Pomegranate — 15

Jen was loafing aimlessly around the city. She has her music blasting on her iPhone. She went to J.Crew bought a skirt and some other items. She was thinking about reaching out to Marc again. But was confused. She knew she liked him. And she knew she didn’t. It wasn’t that she didn’t like him. She knew he probably wasn’t her match.

He was acting weird lately. She knew it was because of Alana. She thought to herself they think I am so dumb and daffy. Daffy, I am. But not dumb. I know they have something going. They always will. But so do I.

She got some ice cream and looked at shots of she and Marc on her iPhone. They were from many years ago. She saw the shots of them at concerts and their Delaware rafting trip.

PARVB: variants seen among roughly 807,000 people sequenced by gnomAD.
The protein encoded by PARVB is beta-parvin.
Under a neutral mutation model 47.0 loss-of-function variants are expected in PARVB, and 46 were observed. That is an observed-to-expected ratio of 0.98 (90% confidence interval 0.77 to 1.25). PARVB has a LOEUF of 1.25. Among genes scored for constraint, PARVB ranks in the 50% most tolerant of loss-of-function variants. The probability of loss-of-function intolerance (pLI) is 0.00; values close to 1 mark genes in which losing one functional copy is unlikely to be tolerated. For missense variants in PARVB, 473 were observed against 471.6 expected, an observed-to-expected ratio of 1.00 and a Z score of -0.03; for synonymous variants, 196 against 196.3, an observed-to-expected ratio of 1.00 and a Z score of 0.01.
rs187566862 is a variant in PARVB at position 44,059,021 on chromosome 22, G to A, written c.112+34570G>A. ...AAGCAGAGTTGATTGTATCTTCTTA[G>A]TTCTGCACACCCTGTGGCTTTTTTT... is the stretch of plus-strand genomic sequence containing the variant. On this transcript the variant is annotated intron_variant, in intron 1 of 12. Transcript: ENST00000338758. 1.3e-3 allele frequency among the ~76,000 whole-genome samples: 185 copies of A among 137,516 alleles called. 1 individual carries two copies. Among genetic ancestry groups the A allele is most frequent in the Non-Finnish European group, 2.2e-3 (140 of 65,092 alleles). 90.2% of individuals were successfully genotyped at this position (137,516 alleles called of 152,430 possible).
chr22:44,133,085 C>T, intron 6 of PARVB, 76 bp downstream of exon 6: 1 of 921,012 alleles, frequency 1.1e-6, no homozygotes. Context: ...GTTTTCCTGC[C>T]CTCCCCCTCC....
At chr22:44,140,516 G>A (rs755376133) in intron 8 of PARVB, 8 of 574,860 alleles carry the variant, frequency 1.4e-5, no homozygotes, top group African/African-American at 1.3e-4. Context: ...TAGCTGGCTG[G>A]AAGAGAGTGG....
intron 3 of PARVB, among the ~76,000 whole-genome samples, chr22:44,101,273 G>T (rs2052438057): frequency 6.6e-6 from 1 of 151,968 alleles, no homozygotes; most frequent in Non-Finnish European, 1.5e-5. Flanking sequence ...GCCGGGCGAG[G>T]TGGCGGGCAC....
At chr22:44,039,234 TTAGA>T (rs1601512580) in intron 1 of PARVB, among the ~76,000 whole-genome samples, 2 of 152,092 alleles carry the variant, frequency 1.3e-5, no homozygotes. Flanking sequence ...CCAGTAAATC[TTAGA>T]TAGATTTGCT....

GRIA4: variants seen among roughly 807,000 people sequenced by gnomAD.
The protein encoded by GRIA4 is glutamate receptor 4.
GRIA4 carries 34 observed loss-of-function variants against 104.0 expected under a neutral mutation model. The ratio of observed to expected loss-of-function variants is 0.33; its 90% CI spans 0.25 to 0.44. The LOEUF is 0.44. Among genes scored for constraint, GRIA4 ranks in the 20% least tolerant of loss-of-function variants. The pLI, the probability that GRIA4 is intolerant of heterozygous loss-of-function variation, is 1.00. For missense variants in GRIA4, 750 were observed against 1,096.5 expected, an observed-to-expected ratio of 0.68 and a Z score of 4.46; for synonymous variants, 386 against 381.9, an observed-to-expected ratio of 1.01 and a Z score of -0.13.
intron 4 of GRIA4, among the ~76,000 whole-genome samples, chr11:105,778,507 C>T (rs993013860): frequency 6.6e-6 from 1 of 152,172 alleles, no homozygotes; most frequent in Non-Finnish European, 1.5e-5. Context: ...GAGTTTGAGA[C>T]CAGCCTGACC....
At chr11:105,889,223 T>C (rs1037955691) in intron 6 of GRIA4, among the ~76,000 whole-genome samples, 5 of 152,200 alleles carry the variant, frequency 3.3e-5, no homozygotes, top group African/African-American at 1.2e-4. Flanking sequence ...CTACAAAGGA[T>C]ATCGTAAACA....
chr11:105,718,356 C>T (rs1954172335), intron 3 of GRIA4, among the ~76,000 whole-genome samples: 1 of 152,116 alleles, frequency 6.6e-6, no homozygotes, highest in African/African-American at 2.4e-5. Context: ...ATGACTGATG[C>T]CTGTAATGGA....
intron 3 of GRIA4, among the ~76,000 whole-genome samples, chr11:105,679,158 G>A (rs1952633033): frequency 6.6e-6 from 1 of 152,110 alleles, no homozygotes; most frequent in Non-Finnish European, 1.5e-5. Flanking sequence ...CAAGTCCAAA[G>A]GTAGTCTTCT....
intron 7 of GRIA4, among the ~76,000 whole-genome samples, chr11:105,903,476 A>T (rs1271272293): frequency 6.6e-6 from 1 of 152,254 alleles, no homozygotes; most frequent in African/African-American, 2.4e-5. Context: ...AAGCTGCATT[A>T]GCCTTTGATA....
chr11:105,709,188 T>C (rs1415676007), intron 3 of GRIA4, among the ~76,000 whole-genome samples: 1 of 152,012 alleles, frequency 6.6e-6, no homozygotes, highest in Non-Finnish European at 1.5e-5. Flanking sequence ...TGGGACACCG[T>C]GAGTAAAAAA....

She wanted to be happy and break away from her current situation.

Just as she wanted to break away so did Marc and Alana. But the three of them have been entangled in their web for years. What will it take to spin out?

Meanwhile, Marc was heading up to watch his beloved Yankees take on the Red Sox. As always the two teams were fighting for the division. Marc was walking along the sacred grounds where the old stadium resided. Tears were in his eyes. They always were at this holy spot.

His mind was set on the game. But as always he was thinking about Jen and Alana. He thought his couple of days in camp would break him away. His break lasted for about two weeks. He went into the Stadium and purchased his hot dog, Pepsi and knish. He washed his hands, went to his seat and dug in. He hoped the game would change the course of his life. Baseball can do that.



Pomegranate Man-Book 1

Marc woke up and said Modeh Ani, the wake up prayer. He slurped down a glass of Tropicana while wolfing down a bowl of Frosted Flakes. He put on a grey dress shirt, black pants and sneakers. He’d change into his dress when he got to work.